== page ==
$(x^a)^b=(x^b)^a=x^{ab}$ only when real numbers are involved. This implies that the base must be a positive number. For example, with $x=-1$, $a=2$, and $b=\frac{1}{2}$, $(x^a)^b=\{(-1)^2\}^\frac{1}{2}=1$; but with $x=-1$, $a=\frac{1}{2}$, and $b=2$, $(x^a)^b=\{(-1)^\frac{1}{2}\}^2=-1$. So the rule breaks when a non-real number is involved ($(-1)^\frac{1}{2}$). The question may sound a bit weird, but why is it so? And is there a special set of exponent laws that work for the complex numbers (as well as real numbers, as a subset)?

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    $\begingroup$ Think about square root on the complex plane. It can't be defined everywhere. If you try to define it everywhere continuity has to break somewhere. That's why you need branches of such functions, or to define multi-valued functions, or to define functions on Riemann surfaces. $\endgroup$ – Gregory Grant Jan 25 '16 at 20:49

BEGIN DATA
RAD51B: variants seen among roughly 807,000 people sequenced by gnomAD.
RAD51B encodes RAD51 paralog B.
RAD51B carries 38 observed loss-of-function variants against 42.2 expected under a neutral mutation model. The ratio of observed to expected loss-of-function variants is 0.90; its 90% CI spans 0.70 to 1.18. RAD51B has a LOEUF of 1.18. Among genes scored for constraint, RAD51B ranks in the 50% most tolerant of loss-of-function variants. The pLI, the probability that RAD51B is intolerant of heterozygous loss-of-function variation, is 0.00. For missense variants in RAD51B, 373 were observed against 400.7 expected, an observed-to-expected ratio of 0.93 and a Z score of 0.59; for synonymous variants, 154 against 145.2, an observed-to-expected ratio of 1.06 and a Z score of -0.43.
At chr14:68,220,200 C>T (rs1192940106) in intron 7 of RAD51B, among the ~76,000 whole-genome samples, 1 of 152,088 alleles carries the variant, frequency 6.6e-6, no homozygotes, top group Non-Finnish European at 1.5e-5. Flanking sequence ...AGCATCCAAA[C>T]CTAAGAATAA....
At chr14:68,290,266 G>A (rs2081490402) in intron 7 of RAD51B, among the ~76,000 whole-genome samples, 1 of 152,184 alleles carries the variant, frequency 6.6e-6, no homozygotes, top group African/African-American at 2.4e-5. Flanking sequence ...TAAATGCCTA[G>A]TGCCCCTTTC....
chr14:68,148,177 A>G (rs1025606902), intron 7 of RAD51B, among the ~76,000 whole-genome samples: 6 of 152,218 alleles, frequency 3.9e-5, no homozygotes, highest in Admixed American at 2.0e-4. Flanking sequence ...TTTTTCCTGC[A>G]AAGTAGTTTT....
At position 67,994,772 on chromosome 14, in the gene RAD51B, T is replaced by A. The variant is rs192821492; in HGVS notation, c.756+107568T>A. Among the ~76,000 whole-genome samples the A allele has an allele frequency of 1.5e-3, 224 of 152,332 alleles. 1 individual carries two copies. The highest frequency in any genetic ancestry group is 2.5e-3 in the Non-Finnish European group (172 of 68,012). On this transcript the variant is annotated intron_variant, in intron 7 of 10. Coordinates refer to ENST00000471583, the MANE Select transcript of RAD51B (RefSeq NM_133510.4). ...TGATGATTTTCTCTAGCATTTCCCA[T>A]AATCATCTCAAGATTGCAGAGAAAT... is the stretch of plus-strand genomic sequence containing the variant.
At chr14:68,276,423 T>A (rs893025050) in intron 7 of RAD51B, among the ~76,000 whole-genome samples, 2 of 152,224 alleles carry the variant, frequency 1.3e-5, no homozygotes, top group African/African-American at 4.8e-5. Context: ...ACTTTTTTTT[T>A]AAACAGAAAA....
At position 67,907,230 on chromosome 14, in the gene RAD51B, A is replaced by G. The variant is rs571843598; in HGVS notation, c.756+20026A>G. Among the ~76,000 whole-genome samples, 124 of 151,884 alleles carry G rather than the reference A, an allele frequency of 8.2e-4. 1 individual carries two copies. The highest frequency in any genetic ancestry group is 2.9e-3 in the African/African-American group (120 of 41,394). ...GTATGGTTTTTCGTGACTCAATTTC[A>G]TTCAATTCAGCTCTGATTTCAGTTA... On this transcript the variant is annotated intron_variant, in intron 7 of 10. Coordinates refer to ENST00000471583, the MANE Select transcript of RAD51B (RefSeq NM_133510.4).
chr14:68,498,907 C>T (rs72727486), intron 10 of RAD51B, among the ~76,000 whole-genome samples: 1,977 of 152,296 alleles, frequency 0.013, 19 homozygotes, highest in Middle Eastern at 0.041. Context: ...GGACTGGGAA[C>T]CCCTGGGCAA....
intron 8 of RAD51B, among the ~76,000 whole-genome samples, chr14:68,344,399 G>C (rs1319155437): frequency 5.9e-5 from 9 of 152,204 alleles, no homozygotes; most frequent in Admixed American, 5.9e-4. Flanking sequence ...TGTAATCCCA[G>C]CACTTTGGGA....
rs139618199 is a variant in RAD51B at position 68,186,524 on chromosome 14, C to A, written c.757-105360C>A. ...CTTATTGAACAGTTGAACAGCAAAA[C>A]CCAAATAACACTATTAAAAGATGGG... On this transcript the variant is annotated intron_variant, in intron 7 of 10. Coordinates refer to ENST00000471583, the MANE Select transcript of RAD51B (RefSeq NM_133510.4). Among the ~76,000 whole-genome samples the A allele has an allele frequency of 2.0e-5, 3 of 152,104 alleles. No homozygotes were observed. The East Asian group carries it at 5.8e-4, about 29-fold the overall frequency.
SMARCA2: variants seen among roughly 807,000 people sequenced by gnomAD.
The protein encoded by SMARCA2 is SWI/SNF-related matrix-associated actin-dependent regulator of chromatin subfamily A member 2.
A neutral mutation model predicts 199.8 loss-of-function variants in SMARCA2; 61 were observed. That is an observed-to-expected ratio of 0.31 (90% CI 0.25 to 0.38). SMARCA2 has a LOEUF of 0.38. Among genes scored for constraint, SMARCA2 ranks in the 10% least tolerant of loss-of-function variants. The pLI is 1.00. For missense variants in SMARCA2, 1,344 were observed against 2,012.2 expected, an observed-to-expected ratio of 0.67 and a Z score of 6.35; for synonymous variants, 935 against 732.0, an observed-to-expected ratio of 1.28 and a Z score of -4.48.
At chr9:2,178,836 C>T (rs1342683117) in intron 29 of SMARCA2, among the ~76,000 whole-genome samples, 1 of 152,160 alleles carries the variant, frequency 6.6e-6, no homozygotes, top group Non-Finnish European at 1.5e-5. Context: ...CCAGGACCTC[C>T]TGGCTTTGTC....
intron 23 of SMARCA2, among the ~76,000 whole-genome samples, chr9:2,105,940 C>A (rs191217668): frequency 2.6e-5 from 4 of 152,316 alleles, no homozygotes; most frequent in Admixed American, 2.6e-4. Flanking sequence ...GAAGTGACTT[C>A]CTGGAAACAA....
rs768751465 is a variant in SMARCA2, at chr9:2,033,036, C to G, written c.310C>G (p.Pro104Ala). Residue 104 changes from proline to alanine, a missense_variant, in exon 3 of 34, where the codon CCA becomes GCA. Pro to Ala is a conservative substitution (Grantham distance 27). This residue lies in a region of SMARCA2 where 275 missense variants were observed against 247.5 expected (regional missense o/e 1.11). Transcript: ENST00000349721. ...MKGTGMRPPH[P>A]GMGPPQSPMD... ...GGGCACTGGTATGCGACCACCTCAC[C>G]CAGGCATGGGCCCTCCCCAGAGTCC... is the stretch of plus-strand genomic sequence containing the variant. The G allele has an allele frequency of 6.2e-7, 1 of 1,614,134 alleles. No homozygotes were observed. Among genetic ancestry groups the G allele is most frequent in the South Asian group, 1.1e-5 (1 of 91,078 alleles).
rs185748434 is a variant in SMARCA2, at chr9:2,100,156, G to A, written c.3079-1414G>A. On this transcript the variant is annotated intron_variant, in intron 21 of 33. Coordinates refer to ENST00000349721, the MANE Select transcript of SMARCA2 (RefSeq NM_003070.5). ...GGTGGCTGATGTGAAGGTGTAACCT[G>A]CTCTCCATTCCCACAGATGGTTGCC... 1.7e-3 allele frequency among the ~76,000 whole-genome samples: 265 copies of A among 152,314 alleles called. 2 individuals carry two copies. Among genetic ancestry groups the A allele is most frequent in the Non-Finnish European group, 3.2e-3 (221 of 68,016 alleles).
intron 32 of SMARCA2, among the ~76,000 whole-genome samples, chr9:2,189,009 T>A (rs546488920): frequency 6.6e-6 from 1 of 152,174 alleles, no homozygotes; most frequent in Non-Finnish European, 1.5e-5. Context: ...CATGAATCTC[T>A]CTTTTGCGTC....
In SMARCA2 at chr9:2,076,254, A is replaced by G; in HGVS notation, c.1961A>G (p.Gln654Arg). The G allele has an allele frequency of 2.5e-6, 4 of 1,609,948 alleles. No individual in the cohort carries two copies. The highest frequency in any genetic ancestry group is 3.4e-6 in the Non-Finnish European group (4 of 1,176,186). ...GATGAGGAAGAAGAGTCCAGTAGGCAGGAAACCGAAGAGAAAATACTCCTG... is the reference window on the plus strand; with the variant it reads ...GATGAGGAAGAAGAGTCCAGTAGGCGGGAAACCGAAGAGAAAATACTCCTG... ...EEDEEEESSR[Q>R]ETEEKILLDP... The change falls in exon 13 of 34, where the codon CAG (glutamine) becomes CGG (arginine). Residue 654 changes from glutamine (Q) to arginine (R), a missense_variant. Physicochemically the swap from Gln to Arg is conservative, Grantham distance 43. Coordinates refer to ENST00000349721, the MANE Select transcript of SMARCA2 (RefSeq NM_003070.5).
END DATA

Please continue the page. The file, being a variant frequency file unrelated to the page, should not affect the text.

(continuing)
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    $\begingroup$ Because exponential function is periodic over the complex numbers $$ e^x = e^{2\pi i n + x} $$ $\endgroup$ – Kaster Jan 25 '16 at 20:50
  • $\begingroup$ @Surb Yes it is. The operation $(a,b)\mapsto (x^a)^b$, however, isn't, at least for general complex numbers. $\endgroup$ – Wojowu Feb 3 '16 at 11:03

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